Visiting Copenhagen

I was in Copenhagen for a family vacation earlier this week. It was unbearably hot, as is London right now. So, I don’t know if it was just the heat that had everyone worked up but in so many ways, I could hardly relate to the things I saw.

We had taken this 3 day tourist pass that allowed us to board trains, busses and ferries through our time there. People had recommended the Canal tour as it was supposed to be like in Amsterdam/ Venice, but we passed as it seemed to wannabe. Instead, we decided to board the ferry and randomly explore. After waiting 20min, we boarded a ferry, and decided to get off randomly at some stop to take a ferry back in the opposite direction. Except, when the ferry arrived, the conductor of the boat came out and said he had a limit on the number of people he can take on the boat and he had a ticker to count. We were about 15-20people waiting, and he let everyone board the ferry except us. He had stopped counting on his ticker after the first couple of people.

Now, at first we thought, oh well bad luck, but some part of me felt like it was discrimination. Maybe I felt this way because just the previous evening, there had been protests around Copenhagen against the recent burqa ban. So I naturally felt like the place might not be very open minded afterall. I know, law of small numbers and all that but you know how the human mind is irrational with these things. Anyway, the husband and i argued about what it was all about and then gave up once we found a place to lunch at. Sigh.

The same evening, we were in a bus on our way to dinner when we witness a black woman and an asian woman fight. Both women had kids with them but that didnt stop either of them from letting the heat get the better of them. The incident started because the black woman pushed her way into the bus tumbling the asian women and her children over to which the asian woman said something to the effect of stop pushing. The black woman retorted saying that people push in a crowded bus and that was life. From there it went on to the black woman calling the asian woman’s husband a pussy for trying to but in to end the argument. The details are quite silly, ugly and unnecessary but the point was that there was so much intolerance among two people who clearly didn’t belong to the place and you would have expected them to be more open or flexible, but sadly that wasn’t the case.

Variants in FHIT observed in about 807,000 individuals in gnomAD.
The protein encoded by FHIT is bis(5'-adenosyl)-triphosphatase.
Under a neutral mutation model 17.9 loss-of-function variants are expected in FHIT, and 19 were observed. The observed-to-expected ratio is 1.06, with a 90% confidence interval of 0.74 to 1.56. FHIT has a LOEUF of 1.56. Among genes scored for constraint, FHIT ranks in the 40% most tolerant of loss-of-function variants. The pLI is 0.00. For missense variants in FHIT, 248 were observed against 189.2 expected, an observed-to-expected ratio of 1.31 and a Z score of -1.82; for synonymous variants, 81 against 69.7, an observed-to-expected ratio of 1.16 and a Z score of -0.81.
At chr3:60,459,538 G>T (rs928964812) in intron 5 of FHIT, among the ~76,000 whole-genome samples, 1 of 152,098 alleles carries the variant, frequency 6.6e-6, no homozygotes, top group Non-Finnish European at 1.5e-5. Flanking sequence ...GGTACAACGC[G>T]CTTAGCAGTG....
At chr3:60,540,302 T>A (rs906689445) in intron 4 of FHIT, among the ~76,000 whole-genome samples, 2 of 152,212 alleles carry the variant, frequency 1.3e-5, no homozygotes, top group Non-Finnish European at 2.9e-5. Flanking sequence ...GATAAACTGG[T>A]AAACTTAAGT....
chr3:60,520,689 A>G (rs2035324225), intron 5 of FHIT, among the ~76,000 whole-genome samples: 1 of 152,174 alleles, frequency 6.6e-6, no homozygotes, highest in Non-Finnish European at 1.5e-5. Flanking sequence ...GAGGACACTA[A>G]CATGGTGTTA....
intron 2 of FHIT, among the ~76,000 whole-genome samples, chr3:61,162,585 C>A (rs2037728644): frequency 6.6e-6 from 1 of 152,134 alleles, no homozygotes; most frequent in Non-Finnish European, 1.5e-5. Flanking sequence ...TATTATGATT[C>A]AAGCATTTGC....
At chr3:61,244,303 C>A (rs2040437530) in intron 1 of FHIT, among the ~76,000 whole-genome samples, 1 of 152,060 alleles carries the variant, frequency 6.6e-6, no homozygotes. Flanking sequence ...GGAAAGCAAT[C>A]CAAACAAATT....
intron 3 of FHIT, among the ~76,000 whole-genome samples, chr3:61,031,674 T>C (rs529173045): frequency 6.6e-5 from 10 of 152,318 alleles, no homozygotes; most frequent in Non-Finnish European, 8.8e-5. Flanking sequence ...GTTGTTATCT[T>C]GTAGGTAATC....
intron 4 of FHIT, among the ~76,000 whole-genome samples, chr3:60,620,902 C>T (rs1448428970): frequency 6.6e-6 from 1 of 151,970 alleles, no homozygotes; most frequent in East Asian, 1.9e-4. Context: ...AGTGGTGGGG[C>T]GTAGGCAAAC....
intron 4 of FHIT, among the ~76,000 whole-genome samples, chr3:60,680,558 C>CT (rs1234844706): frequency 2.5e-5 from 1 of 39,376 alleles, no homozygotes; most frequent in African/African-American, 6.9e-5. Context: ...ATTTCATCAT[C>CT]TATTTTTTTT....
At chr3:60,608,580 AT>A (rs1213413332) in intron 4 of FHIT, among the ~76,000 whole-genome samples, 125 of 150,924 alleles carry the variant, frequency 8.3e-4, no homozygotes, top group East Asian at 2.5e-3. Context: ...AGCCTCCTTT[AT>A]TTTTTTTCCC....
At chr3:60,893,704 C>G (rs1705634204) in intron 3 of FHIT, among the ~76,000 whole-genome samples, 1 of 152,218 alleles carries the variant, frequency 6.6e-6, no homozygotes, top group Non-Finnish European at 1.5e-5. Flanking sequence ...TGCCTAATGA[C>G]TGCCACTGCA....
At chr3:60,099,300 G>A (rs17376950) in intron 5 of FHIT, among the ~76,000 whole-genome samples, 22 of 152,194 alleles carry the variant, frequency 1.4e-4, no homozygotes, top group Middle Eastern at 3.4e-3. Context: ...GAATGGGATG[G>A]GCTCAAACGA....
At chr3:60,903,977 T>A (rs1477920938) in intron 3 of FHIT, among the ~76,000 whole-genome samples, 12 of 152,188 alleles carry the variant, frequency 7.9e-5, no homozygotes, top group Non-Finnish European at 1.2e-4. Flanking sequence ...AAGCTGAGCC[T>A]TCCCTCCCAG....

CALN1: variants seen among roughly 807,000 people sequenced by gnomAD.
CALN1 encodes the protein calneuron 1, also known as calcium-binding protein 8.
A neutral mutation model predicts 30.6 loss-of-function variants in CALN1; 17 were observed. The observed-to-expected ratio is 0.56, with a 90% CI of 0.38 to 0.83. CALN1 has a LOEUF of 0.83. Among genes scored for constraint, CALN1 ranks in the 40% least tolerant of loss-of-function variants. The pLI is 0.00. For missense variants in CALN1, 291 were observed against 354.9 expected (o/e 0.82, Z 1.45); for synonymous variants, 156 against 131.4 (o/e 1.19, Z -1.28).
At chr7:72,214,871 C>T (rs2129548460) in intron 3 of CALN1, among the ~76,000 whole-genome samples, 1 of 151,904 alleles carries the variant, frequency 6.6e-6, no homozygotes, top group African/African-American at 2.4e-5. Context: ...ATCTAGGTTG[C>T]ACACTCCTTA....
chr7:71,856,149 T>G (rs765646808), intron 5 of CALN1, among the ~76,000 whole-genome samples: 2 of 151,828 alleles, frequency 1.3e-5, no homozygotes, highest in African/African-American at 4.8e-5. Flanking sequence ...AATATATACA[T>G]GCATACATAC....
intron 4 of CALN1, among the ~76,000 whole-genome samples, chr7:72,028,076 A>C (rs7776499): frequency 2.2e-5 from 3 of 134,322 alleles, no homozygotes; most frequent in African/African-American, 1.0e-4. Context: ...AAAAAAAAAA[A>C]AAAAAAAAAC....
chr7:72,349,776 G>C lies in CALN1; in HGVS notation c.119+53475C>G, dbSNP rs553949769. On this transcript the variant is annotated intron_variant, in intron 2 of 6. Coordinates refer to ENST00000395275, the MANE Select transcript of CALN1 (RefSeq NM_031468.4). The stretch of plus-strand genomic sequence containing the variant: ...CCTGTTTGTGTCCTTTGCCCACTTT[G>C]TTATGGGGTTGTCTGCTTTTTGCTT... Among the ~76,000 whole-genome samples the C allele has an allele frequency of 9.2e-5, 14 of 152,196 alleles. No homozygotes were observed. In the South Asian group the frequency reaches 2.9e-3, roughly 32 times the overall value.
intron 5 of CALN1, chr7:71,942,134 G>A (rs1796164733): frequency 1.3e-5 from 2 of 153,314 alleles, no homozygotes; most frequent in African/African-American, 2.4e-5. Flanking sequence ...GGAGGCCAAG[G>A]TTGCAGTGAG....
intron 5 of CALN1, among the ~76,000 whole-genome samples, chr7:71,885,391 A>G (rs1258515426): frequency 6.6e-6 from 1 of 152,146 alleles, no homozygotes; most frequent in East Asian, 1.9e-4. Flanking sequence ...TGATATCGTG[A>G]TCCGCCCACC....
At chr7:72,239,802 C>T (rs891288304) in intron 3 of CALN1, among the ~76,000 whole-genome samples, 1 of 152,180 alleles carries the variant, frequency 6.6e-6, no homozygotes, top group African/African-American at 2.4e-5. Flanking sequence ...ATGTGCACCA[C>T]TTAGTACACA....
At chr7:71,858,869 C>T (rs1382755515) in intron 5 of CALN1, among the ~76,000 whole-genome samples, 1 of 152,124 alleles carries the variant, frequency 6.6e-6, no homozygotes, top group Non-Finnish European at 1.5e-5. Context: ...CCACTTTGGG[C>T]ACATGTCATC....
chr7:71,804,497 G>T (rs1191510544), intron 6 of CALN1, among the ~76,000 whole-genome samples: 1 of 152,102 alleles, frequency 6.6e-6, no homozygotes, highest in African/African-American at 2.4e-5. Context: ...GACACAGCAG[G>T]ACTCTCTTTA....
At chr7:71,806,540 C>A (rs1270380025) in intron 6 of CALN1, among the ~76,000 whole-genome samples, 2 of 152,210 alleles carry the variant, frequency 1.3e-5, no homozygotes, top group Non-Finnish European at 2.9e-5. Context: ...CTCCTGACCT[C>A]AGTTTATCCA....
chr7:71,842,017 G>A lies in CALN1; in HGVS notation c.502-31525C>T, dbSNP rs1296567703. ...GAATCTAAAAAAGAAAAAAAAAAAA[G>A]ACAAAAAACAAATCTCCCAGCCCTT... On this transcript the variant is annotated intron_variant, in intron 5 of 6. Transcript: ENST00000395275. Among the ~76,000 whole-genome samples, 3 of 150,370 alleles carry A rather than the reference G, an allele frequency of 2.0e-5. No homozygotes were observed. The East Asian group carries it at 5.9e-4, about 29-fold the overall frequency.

I felt sad, I felt bad that there was so much hatred in the world for no good reason. Maybe Ive been fortunate to not witness such things in London, maybe thanks to the British way of handling things? I am not going to say there isn’t any intolerance here but surely its far less blatant. Luckily, i also met a lot of local people on the train who were very friendly and it took me by surprise after what i’d seen in the first day or two. I would imagine that people in cold countries are warmer because they need that sense of community and warmth when there is little else during winters.

Talking about winters, i wondered how depressing living in Copenhagen during the winter would be because the Area in which we stayed was fairly residential and you could look into peoples homes through your windows and it was a in a strange way the only form of entertainment in the darkness. If you think looking into peoples homes through windows is creepy enough, i found a man opposite us use a binocular to look into peoples’ homes. Beat that! So yeah, Copenhagen was a very strange experience for me, but totally worth the visit.

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